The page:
Singapore's core inflation rises to 1.9% in July due to spike in electricity and gas prices

The cost of electricity and gas rose 12.7 per cent in July, steeper than the 3.7 per cent rise in June, reflecting an upward revision in electricity tariffs after global oil price increases in the preceding quarter.
The cost of electricity and gas rose 12.7 per cent in July, steeper than the 3.7 per cent rise in June, reflecting an upward revision in electricity tariffs after global oil price increases in the preceding quarter. PHOTO: ST FILE

SINGAPORE - Singapore's core inflation rose to 1.9 per cent in July, marking its highest level in nearly four years, according to the latest figures from the Monetary Authority of Singapore (MAS) and Ministry of Trade and Industry (MTI).

This was largely due to a steeper rise in electricity and gas prices. However, it did not change the Consumer Price Index (CPI) inflation figures for all items - which remained at 0.6 per cent year on year - as the increase was offset by a dip in private road transport costs and lower services inflation, MAS and MTI said in a joint statement on Thursday (Aug 23).

Looking ahead, however, imported inflation is likely to rise with an uptick in global oil prices since the start of this year. Global food commodity costs are also projected to increase as demand strengthens.

Domestic sources of inflation are expected to grow too, alongside a faster pace of wage growth and pickup in domestic demand.

However, the authorities added: "The extent of consumer price increases will remain moderate, as retail rents have stayed relatively subdued and firms' pricing power may be constrained by market competition."

The cost of living has been a prime concern among Singaporeans, with Prime Minister Lee Hsien Loong acknowledging citizens' worries in his National Day Rally speech on Sunday.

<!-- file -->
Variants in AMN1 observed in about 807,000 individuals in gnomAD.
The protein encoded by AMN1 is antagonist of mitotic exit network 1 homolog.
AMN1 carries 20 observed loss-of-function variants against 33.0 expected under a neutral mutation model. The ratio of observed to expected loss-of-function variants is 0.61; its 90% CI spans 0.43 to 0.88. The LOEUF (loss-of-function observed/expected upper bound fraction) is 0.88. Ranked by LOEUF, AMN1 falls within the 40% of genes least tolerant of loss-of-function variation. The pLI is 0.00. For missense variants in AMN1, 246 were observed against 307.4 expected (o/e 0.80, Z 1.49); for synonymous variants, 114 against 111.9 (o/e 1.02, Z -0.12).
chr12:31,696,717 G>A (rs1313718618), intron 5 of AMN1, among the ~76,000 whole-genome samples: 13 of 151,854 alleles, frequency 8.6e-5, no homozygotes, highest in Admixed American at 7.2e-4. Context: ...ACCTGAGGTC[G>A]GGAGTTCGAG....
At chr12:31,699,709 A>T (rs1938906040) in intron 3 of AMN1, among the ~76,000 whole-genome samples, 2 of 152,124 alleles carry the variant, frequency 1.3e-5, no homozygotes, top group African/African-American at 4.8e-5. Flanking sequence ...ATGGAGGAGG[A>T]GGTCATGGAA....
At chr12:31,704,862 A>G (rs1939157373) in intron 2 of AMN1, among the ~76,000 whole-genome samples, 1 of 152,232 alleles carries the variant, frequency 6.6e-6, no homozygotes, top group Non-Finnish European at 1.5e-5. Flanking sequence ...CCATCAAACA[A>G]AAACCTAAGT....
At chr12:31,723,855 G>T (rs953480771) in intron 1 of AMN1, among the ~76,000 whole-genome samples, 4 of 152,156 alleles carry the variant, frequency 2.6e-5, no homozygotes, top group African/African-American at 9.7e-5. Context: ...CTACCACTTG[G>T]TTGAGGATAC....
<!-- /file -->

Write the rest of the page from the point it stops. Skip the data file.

Price increases, the concerns of young families and those caring for both children and elderly parents, as well as lifestyle changes, are among reasons that people are feeling the pinch, he added, pledging that the Government will do its part to ease concerns.

According to the latest figures on Thursday, the cost of electricity and gas spiked 12.7 per cent in July – up from a 3.7 per cent increase the month before. This reflects an upward revision of electricity tariffs after a pickup in global oil prices in the preceding quarter.

 
 

In contrast, private road transport costs dipped 0.2 per cent last month, reversing a 0.4 per cent increase in June.

With smaller year-on-year increases in the cost of education and healthcare services, as well as airfares and domestic services fees, services inflation slipped to 1.5 per cent, from 1.7 per cent in June.

Overall, the CPI for all items rose 0.6 per cent year on year in July, meaning the pace of inflation has not changed from the previous month.

CPI is a broad measure tracking the prices of a weighted basket of goods. It includes food, transport and utilities, and reflects the inflation experienced by households in their day-to-day spending.​ ​

Meanwhile, food inflation came in at 1.5 per cent in July, unchanged from June. The cost of accommodation slid by 3 per cent, the same rate it did in June.

MAS core inflation is expected to rise gradually over the course of 2018 to average in the upper half of the 1 to 2 per cent forecast range for the full year.

Separately, CPI-all items inflation is projected to come within the upper half of the 0 to 1 per cent forecast range for the full year.

While MAS and MTI expect imported inflation to rise mildly, Maybank Kim Eng economist Chua Hak Bin said that he is not too worried about an inflation risk.

"If a full-blown trade war erupts, the deflationary risks could be much higher," he noted, adding that there will likely be a pull-back on investments from companies and commodity prices such as that of oil would probably fall. 

In the event of a trade war, he added, there will be diversion of cheaper Chinese goods through countries outside the United States as well, adding to deflationary pressures.

On Thursday, the US ramped up tariffs on China with a 25 per cent tax on a second wave of goods worth US$16 billion, affecting products such as motorcycles. China hit back with taxes of its own, on the same value of products from the US.

Meanwhile, UOB economist Francis Tan said that with the MAS keeping their inflation expectations unchanged and ongoing trade concerns potentially slowing down global economic growth in the months ahead, it is likely that MAS will maintain its current monetary policy stance in its next policy meeting in October.